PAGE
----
Right through the SABC's television shows, characters and storylines reiterate the ideas of a single nation that united. The term for unity is exemplified by the soap opera Soul City's theme song. The "heartbeat of the nation," the theme song calls for South Africans of all ethnical races and backgrounds to stand united and live as one nation. By inviting people of all backgrounds and cultures to listen to the heartbeat of the nation, the program stipulates that the nation is one unified body with one communal heartbeat. There are also Soap operas like Generations, South Africa's most admired television program, portrays a modern and urban world of the Black upper-middle class business elites. The program, with its emphasis on the up-and-coming Black middle- and upper-classes seemingly made possible by the elections of 1994, encapsulates the hope of the post-apartheid era.
Television pervades the day by day lives of the majority of South Africans, helping to build a hegemonic culture. Because television airs daily, audiences are constantly opened to the elements of its characters and images, and notions of individuality are repeatedly performed. Television in South Africa is an ideologically stimulating platform that provides a persuasive medium for articulating a new vision for the country. The SABC works toward creating an image of the 'New' South Africa, a nation freed from apartheid and united through the 'rainbow nation' ideology. Neoliberal policies, such as those dictated by the International Monetary Fund and the World Bank, call for countries to open up their boundaries and embrace a more global and less locally-oriented vision. These ostensible strains are trying to construct a coherent nation and yet at the same time cultivating a global vision that is becoming visible through the storylines of South African television programs.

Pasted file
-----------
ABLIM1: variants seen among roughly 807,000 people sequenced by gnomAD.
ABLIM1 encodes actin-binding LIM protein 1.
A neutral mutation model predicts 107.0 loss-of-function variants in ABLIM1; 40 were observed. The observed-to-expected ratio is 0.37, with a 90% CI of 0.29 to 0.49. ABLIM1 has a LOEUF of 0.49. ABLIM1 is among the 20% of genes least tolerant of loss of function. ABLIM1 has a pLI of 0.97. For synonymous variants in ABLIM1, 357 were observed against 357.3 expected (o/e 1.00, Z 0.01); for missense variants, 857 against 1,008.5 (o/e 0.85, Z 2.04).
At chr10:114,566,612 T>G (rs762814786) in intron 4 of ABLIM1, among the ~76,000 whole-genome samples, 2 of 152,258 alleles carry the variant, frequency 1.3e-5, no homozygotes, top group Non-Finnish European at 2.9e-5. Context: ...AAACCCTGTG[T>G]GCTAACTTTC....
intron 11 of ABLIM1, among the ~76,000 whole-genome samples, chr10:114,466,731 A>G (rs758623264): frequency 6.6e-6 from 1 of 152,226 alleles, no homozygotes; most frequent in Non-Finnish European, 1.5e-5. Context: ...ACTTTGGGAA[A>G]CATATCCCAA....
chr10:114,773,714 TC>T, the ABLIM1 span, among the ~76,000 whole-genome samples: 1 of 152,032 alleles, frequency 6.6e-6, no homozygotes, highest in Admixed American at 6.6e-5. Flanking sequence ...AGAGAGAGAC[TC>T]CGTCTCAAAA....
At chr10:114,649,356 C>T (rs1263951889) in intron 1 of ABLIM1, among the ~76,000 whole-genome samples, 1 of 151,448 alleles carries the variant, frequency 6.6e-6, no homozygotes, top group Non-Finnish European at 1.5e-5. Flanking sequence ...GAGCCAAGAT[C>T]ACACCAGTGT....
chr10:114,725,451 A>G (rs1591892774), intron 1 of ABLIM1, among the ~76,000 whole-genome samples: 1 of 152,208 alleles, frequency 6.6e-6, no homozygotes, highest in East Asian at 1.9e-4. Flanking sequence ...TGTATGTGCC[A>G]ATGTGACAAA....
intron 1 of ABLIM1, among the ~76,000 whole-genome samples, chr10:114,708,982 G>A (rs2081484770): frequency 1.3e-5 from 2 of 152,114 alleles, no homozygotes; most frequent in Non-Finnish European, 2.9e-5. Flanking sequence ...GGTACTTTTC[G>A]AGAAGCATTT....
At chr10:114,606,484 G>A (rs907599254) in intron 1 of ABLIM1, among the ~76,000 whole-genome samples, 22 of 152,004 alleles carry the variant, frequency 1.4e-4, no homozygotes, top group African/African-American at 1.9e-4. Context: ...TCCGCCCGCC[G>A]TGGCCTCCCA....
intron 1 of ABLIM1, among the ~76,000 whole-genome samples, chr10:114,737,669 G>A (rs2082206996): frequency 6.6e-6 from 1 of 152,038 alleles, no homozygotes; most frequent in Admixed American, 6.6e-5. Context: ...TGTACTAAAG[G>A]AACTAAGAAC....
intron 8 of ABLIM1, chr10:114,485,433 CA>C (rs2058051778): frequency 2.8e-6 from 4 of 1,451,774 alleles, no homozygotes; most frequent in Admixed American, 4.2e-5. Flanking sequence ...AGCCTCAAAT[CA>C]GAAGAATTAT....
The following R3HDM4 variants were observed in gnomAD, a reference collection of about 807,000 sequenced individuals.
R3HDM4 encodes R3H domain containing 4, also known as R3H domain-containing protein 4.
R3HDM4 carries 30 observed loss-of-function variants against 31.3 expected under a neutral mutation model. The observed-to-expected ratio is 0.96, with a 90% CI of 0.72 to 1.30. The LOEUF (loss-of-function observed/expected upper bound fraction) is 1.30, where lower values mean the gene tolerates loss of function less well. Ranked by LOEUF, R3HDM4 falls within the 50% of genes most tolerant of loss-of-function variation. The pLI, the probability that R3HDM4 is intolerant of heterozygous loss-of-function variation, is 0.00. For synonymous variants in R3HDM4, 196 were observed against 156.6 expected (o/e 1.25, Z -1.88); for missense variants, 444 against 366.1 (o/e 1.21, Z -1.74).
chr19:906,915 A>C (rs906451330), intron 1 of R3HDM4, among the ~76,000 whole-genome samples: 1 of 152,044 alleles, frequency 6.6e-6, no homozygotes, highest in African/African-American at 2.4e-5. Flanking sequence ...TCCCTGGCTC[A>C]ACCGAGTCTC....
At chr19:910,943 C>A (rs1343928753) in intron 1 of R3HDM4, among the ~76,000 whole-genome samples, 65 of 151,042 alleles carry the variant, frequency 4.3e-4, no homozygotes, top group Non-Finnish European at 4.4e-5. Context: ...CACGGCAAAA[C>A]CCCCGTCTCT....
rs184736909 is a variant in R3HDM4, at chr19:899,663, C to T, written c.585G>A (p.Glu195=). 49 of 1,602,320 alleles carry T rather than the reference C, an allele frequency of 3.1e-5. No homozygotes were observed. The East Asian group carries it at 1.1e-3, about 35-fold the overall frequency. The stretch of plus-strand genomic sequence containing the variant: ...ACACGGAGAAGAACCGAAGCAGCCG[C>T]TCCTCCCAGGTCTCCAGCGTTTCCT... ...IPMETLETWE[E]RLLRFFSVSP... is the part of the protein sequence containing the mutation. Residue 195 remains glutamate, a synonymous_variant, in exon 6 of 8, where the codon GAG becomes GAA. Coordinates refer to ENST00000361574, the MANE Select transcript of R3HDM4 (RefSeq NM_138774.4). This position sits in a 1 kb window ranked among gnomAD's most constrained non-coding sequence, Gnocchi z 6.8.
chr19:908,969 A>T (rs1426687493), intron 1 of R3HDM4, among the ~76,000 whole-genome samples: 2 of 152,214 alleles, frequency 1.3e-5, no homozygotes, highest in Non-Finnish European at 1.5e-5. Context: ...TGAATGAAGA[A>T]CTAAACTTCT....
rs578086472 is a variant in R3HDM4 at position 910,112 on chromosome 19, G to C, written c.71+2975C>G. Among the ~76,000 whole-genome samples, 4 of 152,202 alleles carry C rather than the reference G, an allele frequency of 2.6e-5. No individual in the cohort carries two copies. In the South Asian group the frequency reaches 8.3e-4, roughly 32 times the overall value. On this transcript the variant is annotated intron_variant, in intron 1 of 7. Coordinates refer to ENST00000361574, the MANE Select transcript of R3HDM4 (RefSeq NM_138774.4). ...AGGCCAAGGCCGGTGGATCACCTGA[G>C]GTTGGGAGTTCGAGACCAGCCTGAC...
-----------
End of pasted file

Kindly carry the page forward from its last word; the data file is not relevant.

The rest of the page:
SABC uses the notions of unity, such as 'Simunye,' to promote their products. Through this commodification of unity, the SABC merges the ostensibly opposing messages of equality through harmony and neoliberal economic growth policies. Another view to add to my argument could be that the SABC does not resolve this tension, that the unresolved tension remains a constant, if spectral presence in South Africa. Or perhaps, as Wendy Larner (2003) asserts, there is no monolithic neoliberalism, but rather multiple 'neoliberalisms.' The 'tension' underscoring popular cultural constructions in South Africa could help elucidate the ways in which neoliberal ideologies are re-imagined in the specific South African context through a national imaginary that serves to bolster the ANC's neoliberal project.
By showing already-achieved economic prosperity and racial harmony, television seemingly places the responsibility of enduring hardships on individuals. These depictions allow the government to put forth its neoliberal economic vision without appearing to disrupt the idea of a 'rainbow' nation. The millions of South Africa ns living in squatter camps and facing continuing racial discrimination, rampant disease and extreme poverty find their lives nearly as invisible as they did during apartheid. South African television, therefore, provides an important forum for visually grappling with (or ignoring) the issues attendant in constructing and contesting a neoliberal national imaginary.